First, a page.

Early on in Kill Your Darlings, 18-year-old Allen Ginsberg, played by Daniel Radcliffe, is on a freshman orientation tour of the Columbia University library when a fellow student jumps on a desk and begins quoting Henry Miller. Shouting provocative language from a banned book in a staid library is not just a singular act of rebellion, it’s a glimpse of the literary anarchy to come and a look at Lucien Carr (Dane DeHaan), Ginsberg’s first love.
It is also America circa 1944 — homophobic, sexually repressed, obsessed with convention and about to be shaken by the Beat generation.
The intellectual outrage of Ginsberg, Jack Kerouac and William Burroughs in seminal works such as Howl, On the Road and Naked Lunch will come later. The movie is all about before. The birth pangs of Beat.
Director John Krokidas’ Kill Your Darlings, co-written with Austin Bunn, zeros in on the transformative year when Ginsberg, Kerouac and Burroughs first meet. A smoky, sultry haze of jazz, sex, drugs, debates and death all swirling around the charismatic Carr, a Freudian tragedy portrayed with endless shadings by DeHaan.
The film’s got an indie-appropriate ensemble, beginning with Radcliffe as the Beat poet in his post-Harry Potter push to diversify. Jack Huston, yes of that legendary Hollywood family, is the raw-boned brute Kerouac.
Ben Foster steps in as Burroughs, mumbling a few dry observations, but mostly minding the drugs, including the heroin that would enslave him and unleash him, chronicled unforgettably in Junkie, his first novel.
The story is anchored by Ginsberg’s coming of age, coming out.
A shy, studious teen, his relatively cloistered upbringing undergoes a seismic shift upon entering the chaotic world of college with all its liberations, libations and frustrations. There is a kinetic, tabloid energy driving the action as Ginsberg’s sexual and intellectual passions rise. Imagery and editing deconstruct a scene of Ginsberg and Carr deconstructing language, for example. A wall filling up with words cut from pages of books is a visual fugue that rocks.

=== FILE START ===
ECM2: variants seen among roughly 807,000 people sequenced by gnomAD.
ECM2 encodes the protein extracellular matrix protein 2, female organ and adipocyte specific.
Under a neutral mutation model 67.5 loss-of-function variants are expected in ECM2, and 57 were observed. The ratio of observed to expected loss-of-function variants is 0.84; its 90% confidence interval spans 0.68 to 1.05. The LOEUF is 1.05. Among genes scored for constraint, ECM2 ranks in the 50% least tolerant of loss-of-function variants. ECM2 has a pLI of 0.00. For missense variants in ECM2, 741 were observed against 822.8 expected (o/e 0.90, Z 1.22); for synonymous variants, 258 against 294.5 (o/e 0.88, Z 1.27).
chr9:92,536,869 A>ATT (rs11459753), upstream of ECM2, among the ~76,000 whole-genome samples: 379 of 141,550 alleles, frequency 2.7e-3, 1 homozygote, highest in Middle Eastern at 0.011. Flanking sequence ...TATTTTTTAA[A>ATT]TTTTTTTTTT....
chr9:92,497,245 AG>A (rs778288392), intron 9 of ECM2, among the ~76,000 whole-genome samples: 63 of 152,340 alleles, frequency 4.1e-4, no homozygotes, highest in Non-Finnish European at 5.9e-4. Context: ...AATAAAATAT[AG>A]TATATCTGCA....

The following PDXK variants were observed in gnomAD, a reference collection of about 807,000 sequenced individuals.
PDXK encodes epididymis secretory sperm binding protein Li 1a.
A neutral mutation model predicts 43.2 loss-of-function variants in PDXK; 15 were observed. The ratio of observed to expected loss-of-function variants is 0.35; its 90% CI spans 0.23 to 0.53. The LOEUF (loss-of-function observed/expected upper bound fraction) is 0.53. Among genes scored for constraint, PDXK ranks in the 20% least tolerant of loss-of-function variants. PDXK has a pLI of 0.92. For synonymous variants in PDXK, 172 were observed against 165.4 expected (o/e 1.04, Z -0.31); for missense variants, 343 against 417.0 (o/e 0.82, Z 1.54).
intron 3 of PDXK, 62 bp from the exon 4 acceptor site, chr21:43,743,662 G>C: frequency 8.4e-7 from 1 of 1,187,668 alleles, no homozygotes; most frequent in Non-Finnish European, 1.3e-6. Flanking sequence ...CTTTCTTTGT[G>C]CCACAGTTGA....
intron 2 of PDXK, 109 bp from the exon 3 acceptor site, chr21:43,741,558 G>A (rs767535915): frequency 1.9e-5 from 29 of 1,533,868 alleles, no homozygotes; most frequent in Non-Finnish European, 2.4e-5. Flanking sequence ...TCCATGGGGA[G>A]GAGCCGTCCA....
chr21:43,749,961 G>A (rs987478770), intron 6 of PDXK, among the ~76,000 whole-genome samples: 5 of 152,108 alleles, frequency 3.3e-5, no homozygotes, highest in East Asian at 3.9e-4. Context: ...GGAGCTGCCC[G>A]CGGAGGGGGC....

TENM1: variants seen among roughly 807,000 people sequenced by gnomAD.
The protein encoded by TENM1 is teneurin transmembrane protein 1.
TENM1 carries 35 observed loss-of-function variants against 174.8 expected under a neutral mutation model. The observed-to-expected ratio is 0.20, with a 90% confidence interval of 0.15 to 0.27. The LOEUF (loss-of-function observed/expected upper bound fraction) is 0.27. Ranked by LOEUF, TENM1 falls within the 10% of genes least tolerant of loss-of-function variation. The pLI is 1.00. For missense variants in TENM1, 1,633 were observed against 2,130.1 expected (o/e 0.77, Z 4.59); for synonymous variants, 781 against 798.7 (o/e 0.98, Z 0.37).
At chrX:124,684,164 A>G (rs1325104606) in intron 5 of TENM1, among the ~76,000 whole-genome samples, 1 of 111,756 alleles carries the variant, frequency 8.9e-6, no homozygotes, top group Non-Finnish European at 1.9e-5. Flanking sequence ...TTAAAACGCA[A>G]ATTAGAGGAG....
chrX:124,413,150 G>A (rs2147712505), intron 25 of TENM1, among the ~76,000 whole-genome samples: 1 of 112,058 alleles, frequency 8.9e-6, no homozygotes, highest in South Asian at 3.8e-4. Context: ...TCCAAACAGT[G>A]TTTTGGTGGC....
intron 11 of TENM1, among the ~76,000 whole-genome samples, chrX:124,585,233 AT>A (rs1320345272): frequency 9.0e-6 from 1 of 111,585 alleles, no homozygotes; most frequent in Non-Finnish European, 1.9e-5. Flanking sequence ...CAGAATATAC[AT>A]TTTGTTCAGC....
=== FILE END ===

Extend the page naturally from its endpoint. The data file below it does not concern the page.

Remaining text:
As does Lucien Carr. He is the catalyst for most of what happened that year, including the brutal death of his older lover, David Kammerer.
Michael C. Hall surrenders his serial-killing Dexter to take on the man who deflowers Carr as a boy, then follows him to New York and fuels his downfall.
The film begins with Kammerer dead, Carr behind bars and Ginsberg having written an account of the night in question. Whether it is fact or fiction, Carr knows it will destroy him. Their exchange over Ginsberg’s words ends in a scream. It’s clearly more complicated than that, and the narrative thread spends its time untangling the various entanglements.
Carr is one you may not know, his name prominent in Ginsberg’s initial dedication of Howl. Carr demanded it be removed.
This is the man the movie is really about. Arrogant, entitled, impossible to resist, Lucien was the lithe blond boy they all loved a little too much, including the filmmakers.
It makes for a movie whose allegiance is constantly divided.
Radcliffe may be the marquee name behind the advertising, but DeHaan’s performance is the reason to see the film. The actor, who first drew notice as another troubled youth in HBO’s In Treatment, brings such a complex mix of bravado and vulnerability to Lucien, you feel an absence any time he leaves the screen.
Radcliffe does accomplish one of his objectives. There are no traces of Harry to be found; the actor demonstrates he can do more than battle Voldemort.
But Ginsberg’s arc of devoted son dealing with a mentally unbalanced mother (Jennifer Jason Leigh) and a failed poet (David Cross) of a father feels distracting, rather than defining. And his emerging sexuality is strangely proper. The romance between Ginsberg and Carr never quite reaches the intensity it needs; their intellectual grappling is far more intriguing terrain.
Meanwhile, Kerouac’s own struggles with his sexuality, fighting with girlfriend Edie Parker (Elizabeth Olsen), spending his nights hanging with the guys, is offered in only the broadest strokes. And like his character, Huston’s presence is barely felt.
Hall, however, is excellent as a man driven by love and guilt, an actor gifted at unearthing obsessions. Kammerer’s intellectual jabs at Ginsberg, his chief rival for Lucien’s affections, are among the film’s most scorching. His desperation the most affecting.
New York of the 1940s is sepia-tinged and almost as seductive to look at as Lucien. Director of photography Reed Morano shoots low and wide to eliminate skyscrapers that now rise above period-perfect brownstones.
Inside, production designer Stephen Carter and costume designer Christopher Peterson create a well-turned-out man’s world of browns, tweeds and cigars. Indeed, the women are little more than accessories.
For all of the often interesting attempts at generating a kind of outrage and invention of its own, Kill Your Darlings, like Kammerer, feels like it is trying too hard. Far too conventional underneath all the trappings, you wish it would howl.